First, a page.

QAnon Shaman likens himself to Jesus and Gandhi in rambling sentencing speech

Chansley said what he did was “indefensible” but said he was not a “dangerous criminal”

Graig Graziosi
Wednesday 17 November 2021 17:21
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'QAnon Shaman' to be sentenced Nov. 17 for Capitol riot involvement

Jacob Chansley, better known as the "QAnon Shaman," spoke at his sentencing trial, giving a rambling speech about accountability and likening his situation to those faced by Jesus and Gandhi.

Chansley was charged for participating in the Capitol riot. He was famously photographed shirtless and wearing a horned fur helmet during the attack.

He was jailed on Wednesday for 41 months.

During his speech, he admitted that he was wrong for entering the Capitol, calling it "indefensible," but maintained he was not a "dangerous criminal," an "insurrectionist," or a "domestic terrorist." He also distanced himself from the other people he was incarcerated with, who he claims treated jail like a Holiday Inn. Chansley claimed he was "repentant" and moving away from his "sins."

The opening of Chansley's speech was somewhat rambling, citing Jesus, Mahatma Gandhi and Supreme Court Justice Clarence Thomas as sources of inspiration during his time in prison. He later claimed that Gandhi beat his wife before his spiritual awakening and pointed out that Jesus overturned the money-changers tables outside the Temple in Jerusalem, suggesting that - like them - he could go on to do good after doing something bad.

He asked the judge to “judge the tree by its roots.”

Chansley said the hardest part for him has been realizing that he is the only one to blame for his predicament. He said his imprisonment was like a “near death experience” every day because he wanted to continue living, “but not like that.” He spent several minutes explaining his disdain for being imprisoned, even quoting The Shawshank Redemption, saying “hope is a dangerous thing.”

As the speech winded from topic to topic, Chansley revealed that his outfit during the riot was intended to ward off “evil spirits,” not to scare people. He said he believed that he will feel all of the good and the bad that he has caused people when he dies, and is upset that his image has been used in the media to stir up fear over the Capitol riot. He said that belief in a sort of karmic justice at the end of one’s life inspired him to begin working with children.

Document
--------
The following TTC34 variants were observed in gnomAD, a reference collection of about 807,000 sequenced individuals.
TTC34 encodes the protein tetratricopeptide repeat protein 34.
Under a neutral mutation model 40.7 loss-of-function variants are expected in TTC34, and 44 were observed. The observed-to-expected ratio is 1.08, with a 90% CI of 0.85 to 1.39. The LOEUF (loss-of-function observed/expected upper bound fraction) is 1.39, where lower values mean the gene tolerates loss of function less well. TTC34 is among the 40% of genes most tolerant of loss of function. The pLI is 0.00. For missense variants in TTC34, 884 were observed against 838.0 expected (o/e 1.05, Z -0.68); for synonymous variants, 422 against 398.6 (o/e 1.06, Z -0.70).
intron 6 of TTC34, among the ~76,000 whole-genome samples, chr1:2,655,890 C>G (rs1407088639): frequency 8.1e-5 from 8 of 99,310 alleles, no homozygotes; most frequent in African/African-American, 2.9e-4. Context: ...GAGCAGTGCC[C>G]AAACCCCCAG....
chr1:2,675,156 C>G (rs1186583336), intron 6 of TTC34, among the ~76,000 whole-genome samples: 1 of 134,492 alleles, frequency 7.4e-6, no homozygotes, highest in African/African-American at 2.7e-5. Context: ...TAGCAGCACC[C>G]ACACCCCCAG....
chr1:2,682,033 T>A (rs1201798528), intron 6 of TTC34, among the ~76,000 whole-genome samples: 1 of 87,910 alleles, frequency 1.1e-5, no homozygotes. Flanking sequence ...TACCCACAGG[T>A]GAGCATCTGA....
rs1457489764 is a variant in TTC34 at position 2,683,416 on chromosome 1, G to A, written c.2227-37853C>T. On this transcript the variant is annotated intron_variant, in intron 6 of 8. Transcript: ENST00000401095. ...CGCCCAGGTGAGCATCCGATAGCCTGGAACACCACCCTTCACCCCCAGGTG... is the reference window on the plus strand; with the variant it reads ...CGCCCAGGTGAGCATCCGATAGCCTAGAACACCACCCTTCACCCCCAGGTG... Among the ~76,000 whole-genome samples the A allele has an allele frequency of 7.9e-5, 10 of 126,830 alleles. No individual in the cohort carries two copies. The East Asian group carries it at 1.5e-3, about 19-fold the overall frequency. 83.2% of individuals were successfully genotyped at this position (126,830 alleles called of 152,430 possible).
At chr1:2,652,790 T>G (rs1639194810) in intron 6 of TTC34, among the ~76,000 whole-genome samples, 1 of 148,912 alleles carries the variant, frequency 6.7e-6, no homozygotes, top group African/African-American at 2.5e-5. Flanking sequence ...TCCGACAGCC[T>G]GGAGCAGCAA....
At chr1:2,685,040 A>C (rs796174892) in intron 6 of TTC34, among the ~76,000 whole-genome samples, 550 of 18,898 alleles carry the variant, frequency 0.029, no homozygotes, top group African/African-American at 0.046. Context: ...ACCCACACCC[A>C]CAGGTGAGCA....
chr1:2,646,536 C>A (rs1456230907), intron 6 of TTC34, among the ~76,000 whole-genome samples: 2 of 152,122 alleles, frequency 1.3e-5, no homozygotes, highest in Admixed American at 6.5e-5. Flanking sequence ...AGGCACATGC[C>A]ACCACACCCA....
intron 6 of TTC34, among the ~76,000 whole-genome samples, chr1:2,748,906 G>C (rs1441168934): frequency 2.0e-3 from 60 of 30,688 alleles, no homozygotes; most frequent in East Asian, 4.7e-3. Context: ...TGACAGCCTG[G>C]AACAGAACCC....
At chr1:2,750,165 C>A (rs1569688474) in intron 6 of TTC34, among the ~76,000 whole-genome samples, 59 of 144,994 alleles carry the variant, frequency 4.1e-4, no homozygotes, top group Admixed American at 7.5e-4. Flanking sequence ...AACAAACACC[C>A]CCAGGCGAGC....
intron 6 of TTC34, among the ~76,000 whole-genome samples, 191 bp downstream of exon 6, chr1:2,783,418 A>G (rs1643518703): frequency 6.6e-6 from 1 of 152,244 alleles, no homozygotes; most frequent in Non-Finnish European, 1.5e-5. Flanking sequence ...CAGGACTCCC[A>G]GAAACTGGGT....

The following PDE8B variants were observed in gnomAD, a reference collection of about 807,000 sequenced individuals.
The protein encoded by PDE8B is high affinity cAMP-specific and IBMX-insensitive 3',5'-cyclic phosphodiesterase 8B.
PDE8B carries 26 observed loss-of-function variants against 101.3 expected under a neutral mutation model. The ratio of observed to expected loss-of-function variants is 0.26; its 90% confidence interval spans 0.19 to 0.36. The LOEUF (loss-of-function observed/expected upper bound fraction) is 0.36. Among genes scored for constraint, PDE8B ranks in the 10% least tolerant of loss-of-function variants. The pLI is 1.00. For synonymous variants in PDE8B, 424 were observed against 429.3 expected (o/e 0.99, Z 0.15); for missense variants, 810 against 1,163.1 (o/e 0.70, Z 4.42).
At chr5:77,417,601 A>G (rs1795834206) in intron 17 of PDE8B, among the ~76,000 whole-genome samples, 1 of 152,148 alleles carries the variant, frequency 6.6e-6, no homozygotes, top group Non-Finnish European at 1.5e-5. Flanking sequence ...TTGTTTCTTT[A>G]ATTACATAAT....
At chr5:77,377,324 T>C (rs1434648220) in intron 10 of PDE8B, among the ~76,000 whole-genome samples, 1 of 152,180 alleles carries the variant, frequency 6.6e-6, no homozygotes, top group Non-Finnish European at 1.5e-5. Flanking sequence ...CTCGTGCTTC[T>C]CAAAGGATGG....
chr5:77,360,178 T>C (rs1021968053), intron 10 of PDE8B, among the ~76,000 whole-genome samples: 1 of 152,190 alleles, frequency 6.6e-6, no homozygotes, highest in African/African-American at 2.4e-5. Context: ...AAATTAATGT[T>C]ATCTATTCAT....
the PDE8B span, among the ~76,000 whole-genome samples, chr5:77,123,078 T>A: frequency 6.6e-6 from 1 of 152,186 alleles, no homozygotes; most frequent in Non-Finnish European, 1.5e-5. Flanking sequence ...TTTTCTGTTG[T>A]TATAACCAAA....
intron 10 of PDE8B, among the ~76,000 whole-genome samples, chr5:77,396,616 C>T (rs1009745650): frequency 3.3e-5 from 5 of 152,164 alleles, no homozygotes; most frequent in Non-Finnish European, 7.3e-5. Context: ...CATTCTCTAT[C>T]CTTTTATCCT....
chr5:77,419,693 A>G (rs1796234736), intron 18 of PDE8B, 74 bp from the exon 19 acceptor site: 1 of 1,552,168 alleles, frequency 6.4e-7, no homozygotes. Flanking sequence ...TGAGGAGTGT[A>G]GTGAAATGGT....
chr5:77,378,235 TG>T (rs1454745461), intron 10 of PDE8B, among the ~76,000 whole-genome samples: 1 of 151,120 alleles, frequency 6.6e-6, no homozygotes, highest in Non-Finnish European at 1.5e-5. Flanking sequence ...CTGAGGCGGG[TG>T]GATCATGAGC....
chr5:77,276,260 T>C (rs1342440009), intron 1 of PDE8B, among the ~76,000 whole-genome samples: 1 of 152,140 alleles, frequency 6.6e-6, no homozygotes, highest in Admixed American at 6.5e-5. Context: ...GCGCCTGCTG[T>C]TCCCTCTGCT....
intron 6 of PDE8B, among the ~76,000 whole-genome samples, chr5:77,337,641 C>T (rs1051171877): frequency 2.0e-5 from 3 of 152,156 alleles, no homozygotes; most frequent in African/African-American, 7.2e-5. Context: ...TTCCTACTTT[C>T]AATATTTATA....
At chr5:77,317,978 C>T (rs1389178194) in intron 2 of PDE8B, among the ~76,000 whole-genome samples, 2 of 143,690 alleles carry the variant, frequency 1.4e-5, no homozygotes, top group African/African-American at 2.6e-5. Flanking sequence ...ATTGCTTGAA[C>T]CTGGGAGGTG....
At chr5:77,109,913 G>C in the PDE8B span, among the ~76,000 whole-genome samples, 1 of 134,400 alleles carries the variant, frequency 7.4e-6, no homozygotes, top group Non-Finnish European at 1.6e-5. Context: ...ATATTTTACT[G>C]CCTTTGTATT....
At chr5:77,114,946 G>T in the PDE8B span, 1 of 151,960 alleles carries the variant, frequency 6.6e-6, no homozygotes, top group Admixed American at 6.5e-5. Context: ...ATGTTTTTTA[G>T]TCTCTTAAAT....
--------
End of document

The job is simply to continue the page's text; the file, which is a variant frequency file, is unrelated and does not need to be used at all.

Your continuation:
The defendant frequently referenced the judge’s military past - Chansley was a US sailor - and lavished the judicial official with compliments and praise as he made his case, promising that he would “never reoffend, ever again.”

The judge said Chansley’s remarks were the most “remarkable” he’d heard in 34 years as a federal judge, even comparing it to speeches made by Martin Luther King, Jr.

However, he said Chansley’s actions were still “horrific” although he recommended the minimum possible sentencing. He said he believed Chansley was sincere that he has changed and repented, but said what he did was “terrible” and that he tried to disrupt the operations of the government, so he could not dismiss the charges completely.

Chansley was sentenced to 41 months in prison, with 36 months supervised release and $100 in restitution. The time Chansley has already served will be credited to his overall sentence. Albert Watkins, Chansley’s defense attorney, has requested that his client be housed in or near Phoenix, Arizona, so that he can be close to his family.

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